SSG Christian E. Bueno-Galdos
Hometown: Paterson, New Jersey, U.S.
Age: 25 years old
Died: May 11, 2009 in Operation Iraqi Freedom.
Unit: Army, 3rd Battalion, 66th Armor Regiment, 172nd Infantry Brigade, Grafenwoehr, Germany
Birth: Aug. 16, 1983, Peru
Death: May 11, 2009, Baghdad, Iraq
Staff Sgt. Christian E. Bueno-Galdos, of Paterson, N.J. was born in Arequipa, Peru and was raised in Paterson, he emigrated from Mollendo, Peru, when he was about 7 years old. Christian attended Passaic County Technical Institute in Wayne, and intended to study medicine. Instead he signed up for the U.S. Army Reserves in February 2002, as a reaction to the terrorist attacks of 9/11. He completed Basic Combat Training and Advanced Individual Training at Fort Leonard Wood, Missouri, earning his Military Occupational Specialty of 74D (Chemical Operations Specialist). He entered active duty in January 2004 to Fort Drum, New York. He was currently assigned to the 3rd Battalion, 66th Armor Regiment, 172nd Infantry Brigade, Grafenwoehr, Germany, deployed in November of 2008. He died May 11 in Camp Liberty, Baghdad, of wounds suffered in a non-combat related incident. He was one of 5 killed during shooting rampage by an Army soldier at a stress-counseling center in Baghdad. Christian always had a big smile on his face, joking and laughing. He often asked family and friends to send him coloring books and paper so he could give them to the children in Iraq. He proudly became a United states citizen in 2005. His awards include: Army Commendation Medal (Two Oak Leave Cluster), Army Good Conduct medal, National Defense Service Medal, Iraqi Campaign Service Medal, Global War on Terrorism Service Medal, Army Service Ribbon, and Overseas Service Ribbon. He was awarded a posthumous bronze star and a promotion to staff sergeant. He is survived by brothers Carlos Enrique and Carlos Eduardo; sister Maritza; his mother, Euginia; his father, Carlos; and his wife, Greisyn Bueno.
Holy Sepulchre Cemetery
New Jersey, USA
PATERSON, N.J. — On Mother’s Day, Eugenia Gardos made a tabletop shrine to her recently deceased mother — surrounding her photograph with silk roses, a small white rosary cross, two votive candles and a prayer card of Senor de los Milagros, the patron saint of Peru.
The next day, May 11, she added her son’s picture to the shrine for the dead.
Sgt. Christian Bueno-Gardos, 25, was killed at an Iraq clinic Monday, among five soldiers allegedly gunned down by a distraught comrade.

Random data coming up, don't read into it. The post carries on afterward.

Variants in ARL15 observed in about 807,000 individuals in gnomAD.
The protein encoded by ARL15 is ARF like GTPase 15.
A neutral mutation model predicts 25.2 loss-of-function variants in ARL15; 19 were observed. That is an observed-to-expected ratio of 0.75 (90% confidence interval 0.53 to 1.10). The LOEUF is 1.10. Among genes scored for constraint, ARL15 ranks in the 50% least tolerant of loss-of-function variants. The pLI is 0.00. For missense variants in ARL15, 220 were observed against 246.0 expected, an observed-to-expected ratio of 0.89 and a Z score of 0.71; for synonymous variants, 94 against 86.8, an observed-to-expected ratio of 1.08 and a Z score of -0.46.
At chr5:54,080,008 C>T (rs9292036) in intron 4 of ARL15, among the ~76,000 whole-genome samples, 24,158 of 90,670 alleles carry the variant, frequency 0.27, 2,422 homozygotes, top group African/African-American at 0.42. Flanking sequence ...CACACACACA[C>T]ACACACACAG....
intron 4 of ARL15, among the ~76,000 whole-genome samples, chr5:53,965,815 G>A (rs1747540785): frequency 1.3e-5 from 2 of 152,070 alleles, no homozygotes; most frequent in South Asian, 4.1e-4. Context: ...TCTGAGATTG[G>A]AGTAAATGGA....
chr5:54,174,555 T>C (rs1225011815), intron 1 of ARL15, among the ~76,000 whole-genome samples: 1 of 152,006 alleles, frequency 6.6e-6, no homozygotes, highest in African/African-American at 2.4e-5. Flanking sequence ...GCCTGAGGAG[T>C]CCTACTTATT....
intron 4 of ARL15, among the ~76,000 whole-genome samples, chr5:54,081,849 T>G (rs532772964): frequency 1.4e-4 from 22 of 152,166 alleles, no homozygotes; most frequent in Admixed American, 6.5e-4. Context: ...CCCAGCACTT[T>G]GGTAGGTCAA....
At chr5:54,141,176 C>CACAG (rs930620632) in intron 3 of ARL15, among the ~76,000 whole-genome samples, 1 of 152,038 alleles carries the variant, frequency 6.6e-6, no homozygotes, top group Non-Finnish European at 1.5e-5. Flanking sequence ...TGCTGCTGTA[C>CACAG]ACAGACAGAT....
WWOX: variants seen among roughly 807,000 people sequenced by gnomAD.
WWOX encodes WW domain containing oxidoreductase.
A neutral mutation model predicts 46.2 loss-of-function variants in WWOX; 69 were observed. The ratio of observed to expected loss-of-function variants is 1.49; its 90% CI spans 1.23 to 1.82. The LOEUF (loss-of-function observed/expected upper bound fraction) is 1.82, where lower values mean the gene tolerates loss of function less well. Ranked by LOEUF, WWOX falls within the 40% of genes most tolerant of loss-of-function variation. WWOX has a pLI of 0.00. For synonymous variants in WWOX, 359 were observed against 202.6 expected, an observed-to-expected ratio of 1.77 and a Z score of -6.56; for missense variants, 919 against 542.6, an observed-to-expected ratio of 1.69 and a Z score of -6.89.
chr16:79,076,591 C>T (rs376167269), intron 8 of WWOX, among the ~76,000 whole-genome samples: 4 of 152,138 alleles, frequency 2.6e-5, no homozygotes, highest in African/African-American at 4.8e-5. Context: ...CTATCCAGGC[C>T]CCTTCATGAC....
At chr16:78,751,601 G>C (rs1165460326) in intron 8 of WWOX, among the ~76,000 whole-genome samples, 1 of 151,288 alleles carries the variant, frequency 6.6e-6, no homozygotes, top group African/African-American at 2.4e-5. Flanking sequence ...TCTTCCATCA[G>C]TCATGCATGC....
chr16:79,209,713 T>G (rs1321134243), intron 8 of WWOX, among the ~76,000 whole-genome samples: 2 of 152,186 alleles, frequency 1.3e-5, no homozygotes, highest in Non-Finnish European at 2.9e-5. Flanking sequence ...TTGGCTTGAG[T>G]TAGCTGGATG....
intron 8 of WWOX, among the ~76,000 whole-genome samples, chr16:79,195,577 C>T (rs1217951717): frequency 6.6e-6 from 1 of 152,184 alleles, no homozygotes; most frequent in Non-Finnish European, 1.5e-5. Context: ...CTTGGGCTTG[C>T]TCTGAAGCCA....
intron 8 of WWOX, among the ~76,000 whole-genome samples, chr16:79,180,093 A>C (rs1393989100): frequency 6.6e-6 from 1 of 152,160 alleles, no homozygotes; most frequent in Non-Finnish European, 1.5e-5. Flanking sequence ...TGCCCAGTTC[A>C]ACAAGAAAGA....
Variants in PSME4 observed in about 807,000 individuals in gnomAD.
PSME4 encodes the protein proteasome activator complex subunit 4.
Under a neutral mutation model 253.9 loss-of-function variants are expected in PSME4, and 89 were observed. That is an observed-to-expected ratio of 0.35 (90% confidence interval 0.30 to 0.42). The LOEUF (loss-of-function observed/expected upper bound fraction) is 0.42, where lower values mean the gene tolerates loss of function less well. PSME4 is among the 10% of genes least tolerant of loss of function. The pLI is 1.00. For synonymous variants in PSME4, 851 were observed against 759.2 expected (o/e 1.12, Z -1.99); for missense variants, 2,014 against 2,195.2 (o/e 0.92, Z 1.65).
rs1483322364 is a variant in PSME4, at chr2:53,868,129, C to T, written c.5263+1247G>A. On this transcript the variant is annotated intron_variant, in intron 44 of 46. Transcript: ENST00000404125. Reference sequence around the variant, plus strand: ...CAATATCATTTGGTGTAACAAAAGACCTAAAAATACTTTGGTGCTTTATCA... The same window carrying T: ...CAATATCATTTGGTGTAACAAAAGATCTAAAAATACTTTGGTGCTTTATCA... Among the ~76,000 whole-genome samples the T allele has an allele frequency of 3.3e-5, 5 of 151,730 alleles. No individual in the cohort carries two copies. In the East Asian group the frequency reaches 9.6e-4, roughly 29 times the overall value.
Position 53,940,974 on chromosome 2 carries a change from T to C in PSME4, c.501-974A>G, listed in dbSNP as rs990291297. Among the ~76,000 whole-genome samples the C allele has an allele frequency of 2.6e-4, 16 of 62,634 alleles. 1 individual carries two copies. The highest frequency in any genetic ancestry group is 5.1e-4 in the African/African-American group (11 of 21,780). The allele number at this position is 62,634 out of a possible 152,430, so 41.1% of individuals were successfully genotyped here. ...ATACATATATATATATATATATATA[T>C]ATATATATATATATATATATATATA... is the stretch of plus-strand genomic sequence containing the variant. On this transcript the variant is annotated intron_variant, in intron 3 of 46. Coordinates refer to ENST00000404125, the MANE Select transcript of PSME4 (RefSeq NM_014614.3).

Eugenia Gardos sat in her living room in Paterson on May 13, surrounded by weeping family members as she struggled to make sense of the fact that her youngest child would not be coming home.
“The first time he left for Iraq, when they would read the lists of the dead on the news, we used to hold our breath, praying he wasn’t on it,” she said in Spanish. “I don’t understand how he could have died this way. I just don’t understand it.”
Bueno was on his second tour in Iraq. He had joined the Army out of high school and was most recently based in Germany. He was married with no children.
He had emigrated with his family from Mollendo, Peru, as a child and had been a U.S. citizen since high school. His mother, two older brothers and older sister recalled how he used to hand out candy to children in Iraq the same way he always did in Paterson — never making a trip to the corner bodega without a group of neighborhood children tailing behind, knowing he would buy them candy or a soda.
Paterson is one of the largest Peruvian immigrant communities in the United States, estimated at about 42,000 Peruvians, and has its own Peruvian consulate in a city of about 145,000 people.
Bueno’s father, Carlos Bueno, said the family arrived 20 years ago at the height of the Peruvian migration to Paterson, drawn by plentiful work in factories like the one he has worked in for decades, making wire hangers.
Bueno said the news of his son’s death has hit the family hard, both here and in Peru.
About 10:30 p.m. May 11, Army officials showed up at the door of the place Christian shared with his wife a few blocks away.
“We were all here at home,” Carlos Bueno said. “I was getting ready to go to bed when I heard screaming downstairs. I ran downstairs and everyone had thrown themselves to the floor, thrashing around, screaming.”
Bueno said he does not feel bitterness toward the man accused in the shootings, whom he described as “mentally ill.”
“We want people to know we’re proud of our son’s Army, but if my son had died in war we would be able to handle that,” he said. “But not to die in this manner.”
His wife, Eugenia Gardos, began weeping at his side.
“I don’t know what to think,” she said. “I’m only waiting for him to come home. I see my son as a hero. If he hadn’t died in Iraq, he would have gone very far.”
Christian Bueno’s body was scheduled to be flown back to the United States on May 13.